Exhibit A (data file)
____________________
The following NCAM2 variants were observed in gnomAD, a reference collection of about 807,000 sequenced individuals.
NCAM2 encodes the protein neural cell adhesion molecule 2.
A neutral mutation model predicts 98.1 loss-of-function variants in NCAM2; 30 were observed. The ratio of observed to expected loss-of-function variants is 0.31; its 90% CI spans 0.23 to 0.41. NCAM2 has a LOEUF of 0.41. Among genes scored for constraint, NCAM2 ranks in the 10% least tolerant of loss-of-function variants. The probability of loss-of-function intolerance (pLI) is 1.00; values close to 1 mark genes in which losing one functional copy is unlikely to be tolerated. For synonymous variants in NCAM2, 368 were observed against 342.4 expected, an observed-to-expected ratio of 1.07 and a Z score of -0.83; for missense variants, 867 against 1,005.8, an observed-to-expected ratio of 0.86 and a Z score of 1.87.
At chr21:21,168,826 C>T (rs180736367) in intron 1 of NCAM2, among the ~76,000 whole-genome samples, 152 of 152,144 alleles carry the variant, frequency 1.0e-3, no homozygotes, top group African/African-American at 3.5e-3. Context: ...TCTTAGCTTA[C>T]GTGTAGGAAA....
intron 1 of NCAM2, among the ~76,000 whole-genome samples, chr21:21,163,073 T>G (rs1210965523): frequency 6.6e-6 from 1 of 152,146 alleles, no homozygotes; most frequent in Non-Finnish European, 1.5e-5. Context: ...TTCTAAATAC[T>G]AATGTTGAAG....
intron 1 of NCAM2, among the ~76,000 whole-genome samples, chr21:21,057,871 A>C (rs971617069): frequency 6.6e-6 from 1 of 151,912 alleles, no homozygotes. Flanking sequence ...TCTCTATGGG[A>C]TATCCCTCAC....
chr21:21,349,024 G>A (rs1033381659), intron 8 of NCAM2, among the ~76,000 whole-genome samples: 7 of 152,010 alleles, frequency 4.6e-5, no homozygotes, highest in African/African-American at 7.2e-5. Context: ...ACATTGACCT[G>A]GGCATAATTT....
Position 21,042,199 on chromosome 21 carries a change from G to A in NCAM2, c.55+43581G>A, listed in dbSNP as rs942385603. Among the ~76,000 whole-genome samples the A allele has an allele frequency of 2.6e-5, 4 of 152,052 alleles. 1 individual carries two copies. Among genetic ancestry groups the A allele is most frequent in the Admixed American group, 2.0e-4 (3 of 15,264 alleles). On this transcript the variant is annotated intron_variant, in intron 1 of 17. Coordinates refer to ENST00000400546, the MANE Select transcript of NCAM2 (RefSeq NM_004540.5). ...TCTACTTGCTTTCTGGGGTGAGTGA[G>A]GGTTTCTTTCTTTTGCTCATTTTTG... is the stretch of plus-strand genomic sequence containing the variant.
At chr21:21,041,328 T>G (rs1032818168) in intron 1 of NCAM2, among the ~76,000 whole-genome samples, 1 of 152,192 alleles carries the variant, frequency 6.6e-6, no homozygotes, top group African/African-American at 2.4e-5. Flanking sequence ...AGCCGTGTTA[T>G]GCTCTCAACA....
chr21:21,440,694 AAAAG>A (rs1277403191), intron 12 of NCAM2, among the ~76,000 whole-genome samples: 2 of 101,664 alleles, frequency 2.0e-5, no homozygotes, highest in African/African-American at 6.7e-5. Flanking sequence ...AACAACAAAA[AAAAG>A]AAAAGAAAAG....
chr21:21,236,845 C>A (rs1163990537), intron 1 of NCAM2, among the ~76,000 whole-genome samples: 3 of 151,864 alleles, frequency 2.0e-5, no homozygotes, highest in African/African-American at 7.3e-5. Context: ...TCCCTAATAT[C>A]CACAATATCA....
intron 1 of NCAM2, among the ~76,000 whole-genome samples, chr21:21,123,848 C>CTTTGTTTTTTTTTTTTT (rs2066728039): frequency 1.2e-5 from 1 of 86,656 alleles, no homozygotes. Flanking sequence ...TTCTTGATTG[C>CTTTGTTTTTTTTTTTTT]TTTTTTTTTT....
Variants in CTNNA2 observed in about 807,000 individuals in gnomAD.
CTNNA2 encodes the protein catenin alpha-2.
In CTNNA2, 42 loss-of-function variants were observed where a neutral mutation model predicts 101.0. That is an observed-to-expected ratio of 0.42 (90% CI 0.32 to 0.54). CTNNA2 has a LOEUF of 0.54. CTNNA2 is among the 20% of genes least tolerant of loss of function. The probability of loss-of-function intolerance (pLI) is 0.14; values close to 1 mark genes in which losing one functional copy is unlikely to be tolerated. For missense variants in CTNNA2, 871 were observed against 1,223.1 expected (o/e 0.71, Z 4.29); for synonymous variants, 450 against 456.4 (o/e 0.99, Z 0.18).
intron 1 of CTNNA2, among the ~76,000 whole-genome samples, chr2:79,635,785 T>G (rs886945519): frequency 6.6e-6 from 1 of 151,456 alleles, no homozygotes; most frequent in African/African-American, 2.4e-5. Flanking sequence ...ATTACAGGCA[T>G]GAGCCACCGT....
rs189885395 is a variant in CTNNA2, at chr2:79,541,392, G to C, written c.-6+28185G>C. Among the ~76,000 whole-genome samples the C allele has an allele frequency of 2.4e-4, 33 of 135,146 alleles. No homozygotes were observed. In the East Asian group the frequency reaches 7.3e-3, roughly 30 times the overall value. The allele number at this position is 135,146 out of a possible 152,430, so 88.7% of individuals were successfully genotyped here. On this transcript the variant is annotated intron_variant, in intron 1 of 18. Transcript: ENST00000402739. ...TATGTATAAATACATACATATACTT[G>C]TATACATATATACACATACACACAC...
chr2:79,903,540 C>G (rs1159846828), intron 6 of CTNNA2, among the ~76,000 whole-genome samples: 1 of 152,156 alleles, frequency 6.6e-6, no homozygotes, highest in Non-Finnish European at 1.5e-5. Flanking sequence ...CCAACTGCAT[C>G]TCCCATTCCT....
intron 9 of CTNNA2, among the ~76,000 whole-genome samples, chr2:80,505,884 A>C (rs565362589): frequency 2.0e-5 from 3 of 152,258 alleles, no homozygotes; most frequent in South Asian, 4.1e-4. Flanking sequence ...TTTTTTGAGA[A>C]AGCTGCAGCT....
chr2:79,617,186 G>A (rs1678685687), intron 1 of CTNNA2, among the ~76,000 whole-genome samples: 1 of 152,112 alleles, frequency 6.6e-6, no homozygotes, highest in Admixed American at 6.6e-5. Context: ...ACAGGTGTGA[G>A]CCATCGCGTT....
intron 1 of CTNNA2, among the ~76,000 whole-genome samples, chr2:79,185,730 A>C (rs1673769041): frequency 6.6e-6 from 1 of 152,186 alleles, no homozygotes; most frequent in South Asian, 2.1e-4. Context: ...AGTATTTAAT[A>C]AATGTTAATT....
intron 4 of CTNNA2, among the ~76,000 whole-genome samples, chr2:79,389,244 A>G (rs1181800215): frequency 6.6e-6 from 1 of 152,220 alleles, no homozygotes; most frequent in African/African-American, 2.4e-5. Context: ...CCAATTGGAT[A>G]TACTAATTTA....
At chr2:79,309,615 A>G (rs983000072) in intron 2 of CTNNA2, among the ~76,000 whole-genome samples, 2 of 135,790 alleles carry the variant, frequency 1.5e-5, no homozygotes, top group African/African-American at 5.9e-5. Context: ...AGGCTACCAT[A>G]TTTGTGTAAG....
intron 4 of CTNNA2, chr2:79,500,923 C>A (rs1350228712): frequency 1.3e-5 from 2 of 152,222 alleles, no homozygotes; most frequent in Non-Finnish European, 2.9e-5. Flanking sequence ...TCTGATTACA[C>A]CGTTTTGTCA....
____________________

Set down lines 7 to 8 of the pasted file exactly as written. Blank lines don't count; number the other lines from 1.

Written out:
chr21:21,349,024 G>A (rs1033381659), intron 8 of NCAM2, among the ~76,000 whole-genome samples: 7 of 152,010 alleles, frequency 4.6e-5, no homozygotes, highest in African/African-American at 7.2e-5. Context: ...ACATTGACCT[G>A]GGCATAATTT....
Position 21,042,199 on chromosome 21 carries a change from G to A in NCAM2, c.55+43581G>A, listed in dbSNP as rs942385603. Among the ~76,000 whole-genome samples the A allele has an allele frequency of 2.6e-5, 4 of 152,052 alleles. 1 individual carries two copies. Among genetic ancestry groups the A allele is most frequent in the Admixed American group, 2.0e-4 (3 of 15,264 alleles). On this transcript the variant is annotated intron_variant, in intron 1 of 17. Coordinates refer to ENST00000400546, the MANE Select transcript of NCAM2 (RefSeq NM_004540.5). ...TCTACTTGCTTTCTGGGGTGAGTGA[G>A]GGTTTCTTTCTTTTGCTCATTTTTG... is the stretch of plus-strand genomic sequence containing the variant.